Bill Bradley says he offers Big Ideas. Al Gore presents that as a cover for an ineffectual wonk -- an aloof figure who deserted politics and party in 1996, and who had spent 18 years in the Senate disdaining many of the battles that Democrats engaged in. "The presidency is not an academic exercise," Gore chided in Iowa on Monday. "It's not a seminar where you get to entertain a single grand theory." In Wednesday's New Hampshire debate, Gore recycled the same charge, just about verbatim.

Visionary or flake? Leader or self-indulgent theoretician? Anyone drawn to Bradley's ideas must also ask whether he would be good at implementing them. In this era of government gridlock, after all, a president needs considerable implementing skill just to get sub-Cabinet appointees accepted by the Senate.

Countless Clinton policies, from campaign finance to the nuclear test ban, have died at the implementing stage. The vacancy rate for Clinton administration posts requiring Senate confirmation frequently has exceeded 25 percent. Most notoriously of all, Clinton failed on health care reform. Why should anyone expect Bradley to do better against the lobbies and advocates and sundry other medigogues who wait to ambush him on that subject?

Bradley's critics look at his Senate career and see a lack of fighting spirit. The candidate who now deplores the plight of Americans without health care was absent from the struggle to fix the problem at the start of the Clinton administration. The candidate who now decries child poverty never did much to fight for food stamps or other remedies. During his years in the Senate, Bradley pushed for tax reform, Third World debt relief and an overhaul of western water laws. Eighteen years, three issues.

Hence this week's attack from Gore: "The presidency is a long, resolute, day-by-day fight for people -- on all the challenges they face in their daily lives," he declared. It is not, Gore seemed to imply, for philosopher-kings of Bradley's ilk. It is for two-fisted, head-cracking types who know how to make things happen.

Yet some of the people who worked with Bradley in his Senate days remember him differently. Dan Rostenkowski, the gruff ex-chairman of the House Ways and Means committee, recalls Bradley's drive on tax reform in richly flattering tones. During the lead-up to the passage of the 1986 act, Bradley popped up in Rosty's office nearly every day; he was so smart and steeped in the details that he could have passed for a staff expert.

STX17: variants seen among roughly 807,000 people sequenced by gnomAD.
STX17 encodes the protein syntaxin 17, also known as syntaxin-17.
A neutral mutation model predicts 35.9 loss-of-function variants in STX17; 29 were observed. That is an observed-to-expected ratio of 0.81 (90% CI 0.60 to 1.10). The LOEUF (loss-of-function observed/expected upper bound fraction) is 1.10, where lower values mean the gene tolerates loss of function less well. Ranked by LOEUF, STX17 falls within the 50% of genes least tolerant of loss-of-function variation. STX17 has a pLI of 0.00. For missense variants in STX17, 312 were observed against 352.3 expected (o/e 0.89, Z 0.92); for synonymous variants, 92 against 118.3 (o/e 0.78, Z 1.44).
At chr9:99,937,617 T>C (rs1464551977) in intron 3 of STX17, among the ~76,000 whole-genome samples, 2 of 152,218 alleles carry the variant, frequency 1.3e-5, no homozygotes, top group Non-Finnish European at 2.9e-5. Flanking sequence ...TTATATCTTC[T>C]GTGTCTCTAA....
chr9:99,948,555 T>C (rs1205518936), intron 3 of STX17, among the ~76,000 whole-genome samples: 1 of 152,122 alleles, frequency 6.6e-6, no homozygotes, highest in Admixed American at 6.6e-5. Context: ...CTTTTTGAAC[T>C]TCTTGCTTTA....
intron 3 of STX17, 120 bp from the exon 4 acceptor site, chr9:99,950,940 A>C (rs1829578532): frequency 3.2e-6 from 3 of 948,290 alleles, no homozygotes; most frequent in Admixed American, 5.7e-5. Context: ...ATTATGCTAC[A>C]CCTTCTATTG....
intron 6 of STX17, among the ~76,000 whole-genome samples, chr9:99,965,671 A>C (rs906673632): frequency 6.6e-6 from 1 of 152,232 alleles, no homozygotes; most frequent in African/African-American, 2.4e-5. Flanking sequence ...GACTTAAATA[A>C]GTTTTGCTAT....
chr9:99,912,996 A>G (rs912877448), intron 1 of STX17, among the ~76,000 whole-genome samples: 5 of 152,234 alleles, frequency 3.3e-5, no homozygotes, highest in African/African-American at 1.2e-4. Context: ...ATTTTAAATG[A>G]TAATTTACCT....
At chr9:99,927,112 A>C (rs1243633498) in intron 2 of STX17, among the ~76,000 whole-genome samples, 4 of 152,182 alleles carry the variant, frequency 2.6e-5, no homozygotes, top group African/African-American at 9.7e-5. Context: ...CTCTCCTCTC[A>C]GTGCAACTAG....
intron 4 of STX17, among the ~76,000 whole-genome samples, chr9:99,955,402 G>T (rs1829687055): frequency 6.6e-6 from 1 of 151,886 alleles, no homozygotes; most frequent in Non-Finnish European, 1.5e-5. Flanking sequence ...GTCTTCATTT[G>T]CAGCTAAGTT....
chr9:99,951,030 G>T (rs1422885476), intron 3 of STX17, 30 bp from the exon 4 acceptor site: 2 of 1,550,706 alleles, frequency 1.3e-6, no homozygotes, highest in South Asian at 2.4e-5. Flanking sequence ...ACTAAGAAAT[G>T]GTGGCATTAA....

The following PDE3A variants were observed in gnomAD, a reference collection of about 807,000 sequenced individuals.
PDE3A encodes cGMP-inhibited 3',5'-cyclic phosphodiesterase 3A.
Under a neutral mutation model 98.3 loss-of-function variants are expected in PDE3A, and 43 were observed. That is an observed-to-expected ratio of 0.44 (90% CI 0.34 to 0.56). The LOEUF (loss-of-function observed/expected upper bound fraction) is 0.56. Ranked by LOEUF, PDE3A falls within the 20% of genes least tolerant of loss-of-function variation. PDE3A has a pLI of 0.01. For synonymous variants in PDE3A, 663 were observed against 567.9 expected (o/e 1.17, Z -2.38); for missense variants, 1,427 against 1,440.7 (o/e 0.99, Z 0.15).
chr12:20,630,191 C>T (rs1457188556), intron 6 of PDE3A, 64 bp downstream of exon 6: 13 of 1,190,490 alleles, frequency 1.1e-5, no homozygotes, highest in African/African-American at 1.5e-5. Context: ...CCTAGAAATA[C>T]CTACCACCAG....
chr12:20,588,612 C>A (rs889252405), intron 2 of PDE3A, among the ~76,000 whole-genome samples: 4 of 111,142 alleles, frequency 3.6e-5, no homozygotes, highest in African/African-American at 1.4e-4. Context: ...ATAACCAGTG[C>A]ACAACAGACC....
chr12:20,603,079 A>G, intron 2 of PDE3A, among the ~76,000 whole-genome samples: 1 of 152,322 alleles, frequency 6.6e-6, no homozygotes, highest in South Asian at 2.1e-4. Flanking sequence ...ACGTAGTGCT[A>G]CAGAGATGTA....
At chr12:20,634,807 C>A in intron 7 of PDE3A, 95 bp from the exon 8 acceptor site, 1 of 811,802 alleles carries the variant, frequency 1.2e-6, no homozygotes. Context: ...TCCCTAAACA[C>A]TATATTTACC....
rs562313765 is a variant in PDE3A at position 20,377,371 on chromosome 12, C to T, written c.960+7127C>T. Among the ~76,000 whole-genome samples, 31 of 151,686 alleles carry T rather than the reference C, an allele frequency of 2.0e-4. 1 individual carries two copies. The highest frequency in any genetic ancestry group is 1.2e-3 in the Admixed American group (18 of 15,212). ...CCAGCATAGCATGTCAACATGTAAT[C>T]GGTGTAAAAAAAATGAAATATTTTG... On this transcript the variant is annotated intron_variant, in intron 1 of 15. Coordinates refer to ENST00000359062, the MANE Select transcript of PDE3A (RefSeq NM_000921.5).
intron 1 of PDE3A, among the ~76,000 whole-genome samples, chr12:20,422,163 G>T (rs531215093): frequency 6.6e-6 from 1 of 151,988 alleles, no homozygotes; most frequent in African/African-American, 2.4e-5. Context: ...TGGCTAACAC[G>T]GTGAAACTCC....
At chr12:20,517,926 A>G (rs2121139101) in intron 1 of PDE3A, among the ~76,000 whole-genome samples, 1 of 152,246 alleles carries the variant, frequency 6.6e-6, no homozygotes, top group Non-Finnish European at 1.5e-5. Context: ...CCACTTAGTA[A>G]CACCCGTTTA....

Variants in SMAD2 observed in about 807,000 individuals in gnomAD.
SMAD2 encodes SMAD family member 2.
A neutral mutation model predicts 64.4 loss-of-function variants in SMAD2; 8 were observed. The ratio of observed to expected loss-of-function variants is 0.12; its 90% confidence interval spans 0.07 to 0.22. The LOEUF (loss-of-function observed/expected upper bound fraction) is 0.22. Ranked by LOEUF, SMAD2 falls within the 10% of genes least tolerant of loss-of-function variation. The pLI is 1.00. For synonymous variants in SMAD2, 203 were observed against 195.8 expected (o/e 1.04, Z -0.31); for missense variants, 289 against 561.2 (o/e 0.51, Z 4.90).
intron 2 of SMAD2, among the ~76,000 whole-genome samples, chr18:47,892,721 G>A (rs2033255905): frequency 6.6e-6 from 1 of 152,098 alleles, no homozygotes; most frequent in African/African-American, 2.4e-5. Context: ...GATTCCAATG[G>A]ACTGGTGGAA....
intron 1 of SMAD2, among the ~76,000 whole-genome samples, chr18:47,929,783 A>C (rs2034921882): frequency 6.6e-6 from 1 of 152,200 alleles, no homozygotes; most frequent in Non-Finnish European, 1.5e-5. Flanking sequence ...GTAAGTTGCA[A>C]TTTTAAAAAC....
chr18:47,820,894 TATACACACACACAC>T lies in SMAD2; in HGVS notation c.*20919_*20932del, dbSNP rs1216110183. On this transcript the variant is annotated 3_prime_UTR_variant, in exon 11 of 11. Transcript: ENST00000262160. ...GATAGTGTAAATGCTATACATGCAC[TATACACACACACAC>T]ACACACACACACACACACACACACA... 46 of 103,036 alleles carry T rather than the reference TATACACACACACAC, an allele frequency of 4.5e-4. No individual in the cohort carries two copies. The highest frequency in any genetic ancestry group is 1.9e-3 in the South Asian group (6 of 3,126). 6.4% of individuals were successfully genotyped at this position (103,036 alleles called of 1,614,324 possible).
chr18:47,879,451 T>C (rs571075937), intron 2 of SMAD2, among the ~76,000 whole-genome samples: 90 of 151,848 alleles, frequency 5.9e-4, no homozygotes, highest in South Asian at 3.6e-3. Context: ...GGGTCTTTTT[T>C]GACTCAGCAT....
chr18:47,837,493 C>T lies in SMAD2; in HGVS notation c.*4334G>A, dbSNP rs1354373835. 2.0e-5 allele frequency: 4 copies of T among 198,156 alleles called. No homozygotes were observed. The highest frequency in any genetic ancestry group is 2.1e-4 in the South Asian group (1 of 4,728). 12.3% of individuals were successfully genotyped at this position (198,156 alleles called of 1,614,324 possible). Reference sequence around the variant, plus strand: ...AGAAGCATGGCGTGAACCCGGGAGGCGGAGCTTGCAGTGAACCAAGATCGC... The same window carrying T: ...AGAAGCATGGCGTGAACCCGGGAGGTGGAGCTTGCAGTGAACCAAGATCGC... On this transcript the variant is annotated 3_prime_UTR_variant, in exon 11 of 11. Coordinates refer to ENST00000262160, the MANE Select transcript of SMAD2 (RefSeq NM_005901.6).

What's more, Bradley demonstrated political skill as well as wonkish grasp. In the last stages of the tax fight, it was Bradley who thought up a gimmick known as the "bubble," which made marginal rates look lower than they really were and thereby secured the bill's passage.

Rostenkowski recalled those days at a meeting this week at the American Enterprise Institute, which also featured Rep. George Miller of California. Miller, who is now firmly in the Bradley camp, recounted the candidate's work on water reform. Before the late 1980s, when Bradley took this subject on, most senators shrank from picking a fight with the landowners who hogged much of the West's water.

But as with the tax issue, Bradley mastered the subject's arcane details. He built a coalition for reform between environmentalists and business groups. And, once again, he proved he knew how to get things done in Congress. He figured out a way of subduing opponents of reform by holding hostage projects that they wanted. When it looked as though his bill would be stuck in a House committee, Bradley came up with a scheme to drop parts of the reform, knowing that they could be restored later in conference.

To be fair, Bradley suffered his share of congressional defeats, and Gore is raising a reasonable question. Any candidate who refuses to tell reporters what books he reads deserves to be called aloof. Anyone who resorts to Bradley's sometimes waffly speaking style may be suspected of being ineffectual. At one point in Wednesday's debate Bradley declared, "We can only go forward by leaving no one behind. Then we can bring everybody together. That is a reality. That's why leadership is required in this country." Go figure.

But the real question about Bradley is not whether he can get things done but whether his stock of Big Ideas is really as big as it ought to be. On poverty and health care, he has been bold. But despite being something of a trade expert, he had little to say on the subject when the Seattle summit plummeted. And he has yet to make a serious speech on foreign policy.

The writer is a member of the editorial page staff.